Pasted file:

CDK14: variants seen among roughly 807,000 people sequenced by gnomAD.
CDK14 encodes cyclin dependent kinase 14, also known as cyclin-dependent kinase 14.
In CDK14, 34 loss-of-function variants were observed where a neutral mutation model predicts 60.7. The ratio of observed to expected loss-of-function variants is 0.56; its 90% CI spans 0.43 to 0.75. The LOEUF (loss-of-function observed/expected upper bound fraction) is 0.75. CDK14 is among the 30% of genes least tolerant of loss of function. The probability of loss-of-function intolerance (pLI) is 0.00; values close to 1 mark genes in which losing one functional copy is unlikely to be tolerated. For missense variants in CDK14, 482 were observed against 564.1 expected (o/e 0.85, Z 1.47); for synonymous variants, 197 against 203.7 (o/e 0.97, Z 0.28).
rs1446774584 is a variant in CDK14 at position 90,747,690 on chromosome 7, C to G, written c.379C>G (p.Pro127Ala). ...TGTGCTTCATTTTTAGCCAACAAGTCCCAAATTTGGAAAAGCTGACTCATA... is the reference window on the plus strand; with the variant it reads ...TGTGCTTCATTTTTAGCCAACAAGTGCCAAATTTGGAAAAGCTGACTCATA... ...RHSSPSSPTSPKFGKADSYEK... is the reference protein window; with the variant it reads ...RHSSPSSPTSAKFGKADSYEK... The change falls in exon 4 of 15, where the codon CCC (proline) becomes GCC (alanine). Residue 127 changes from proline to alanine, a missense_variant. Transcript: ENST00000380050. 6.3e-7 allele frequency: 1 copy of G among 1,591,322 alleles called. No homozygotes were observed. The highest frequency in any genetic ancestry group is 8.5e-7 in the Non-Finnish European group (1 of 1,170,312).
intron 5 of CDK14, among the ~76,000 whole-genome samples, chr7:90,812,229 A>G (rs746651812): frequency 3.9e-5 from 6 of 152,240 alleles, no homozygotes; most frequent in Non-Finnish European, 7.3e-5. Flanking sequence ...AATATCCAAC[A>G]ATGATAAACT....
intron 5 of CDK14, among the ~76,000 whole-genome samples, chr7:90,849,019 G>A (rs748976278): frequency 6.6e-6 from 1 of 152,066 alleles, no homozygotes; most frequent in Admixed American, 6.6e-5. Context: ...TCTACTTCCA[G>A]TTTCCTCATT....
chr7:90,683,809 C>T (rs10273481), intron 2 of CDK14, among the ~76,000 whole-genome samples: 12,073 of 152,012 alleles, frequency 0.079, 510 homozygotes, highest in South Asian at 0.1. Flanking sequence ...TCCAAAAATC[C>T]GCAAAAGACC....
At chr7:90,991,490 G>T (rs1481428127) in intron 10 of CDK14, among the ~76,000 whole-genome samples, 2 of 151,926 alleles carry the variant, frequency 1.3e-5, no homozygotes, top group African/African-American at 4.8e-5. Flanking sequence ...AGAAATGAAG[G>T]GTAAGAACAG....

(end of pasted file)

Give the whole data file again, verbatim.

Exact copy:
CDK14: variants seen among roughly 807,000 people sequenced by gnomAD.
CDK14 encodes cyclin dependent kinase 14, also known as cyclin-dependent kinase 14.
In CDK14, 34 loss-of-function variants were observed where a neutral mutation model predicts 60.7. The ratio of observed to expected loss-of-function variants is 0.56; its 90% CI spans 0.43 to 0.75. The LOEUF (loss-of-function observed/expected upper bound fraction) is 0.75. CDK14 is among the 30% of genes least tolerant of loss of function. The probability of loss-of-function intolerance (pLI) is 0.00; values close to 1 mark genes in which losing one functional copy is unlikely to be tolerated. For missense variants in CDK14, 482 were observed against 564.1 expected (o/e 0.85, Z 1.47); for synonymous variants, 197 against 203.7 (o/e 0.97, Z 0.28).
rs1446774584 is a variant in CDK14 at position 90,747,690 on chromosome 7, C to G, written c.379C>G (p.Pro127Ala). ...TGTGCTTCATTTTTAGCCAACAAGTCCCAAATTTGGAAAAGCTGACTCATA... is the reference window on the plus strand; with the variant it reads ...TGTGCTTCATTTTTAGCCAACAAGTGCCAAATTTGGAAAAGCTGACTCATA... ...RHSSPSSPTSPKFGKADSYEK... is the reference protein window; with the variant it reads ...RHSSPSSPTSAKFGKADSYEK... The change falls in exon 4 of 15, where the codon CCC (proline) becomes GCC (alanine). Residue 127 changes from proline to alanine, a missense_variant. Transcript: ENST00000380050. 6.3e-7 allele frequency: 1 copy of G among 1,591,322 alleles called. No homozygotes were observed. The highest frequency in any genetic ancestry group is 8.5e-7 in the Non-Finnish European group (1 of 1,170,312).
intron 5 of CDK14, among the ~76,000 whole-genome samples, chr7:90,812,229 A>G (rs746651812): frequency 3.9e-5 from 6 of 152,240 alleles, no homozygotes; most frequent in Non-Finnish European, 7.3e-5. Flanking sequence ...AATATCCAAC[A>G]ATGATAAACT....
intron 5 of CDK14, among the ~76,000 whole-genome samples, chr7:90,849,019 G>A (rs748976278): frequency 6.6e-6 from 1 of 152,066 alleles, no homozygotes; most frequent in Admixed American, 6.6e-5. Context: ...TCTACTTCCA[G>A]TTTCCTCATT....
chr7:90,683,809 C>T (rs10273481), intron 2 of CDK14, among the ~76,000 whole-genome samples: 12,073 of 152,012 alleles, frequency 0.079, 510 homozygotes, highest in South Asian at 0.1. Flanking sequence ...TCCAAAAATC[C>T]GCAAAAGACC....
At chr7:90,991,490 G>T (rs1481428127) in intron 10 of CDK14, among the ~76,000 whole-genome samples, 2 of 151,926 alleles carry the variant, frequency 1.3e-5, no homozygotes, top group African/African-American at 4.8e-5. Flanking sequence ...AGAAATGAAG[G>T]GTAAGAACAG....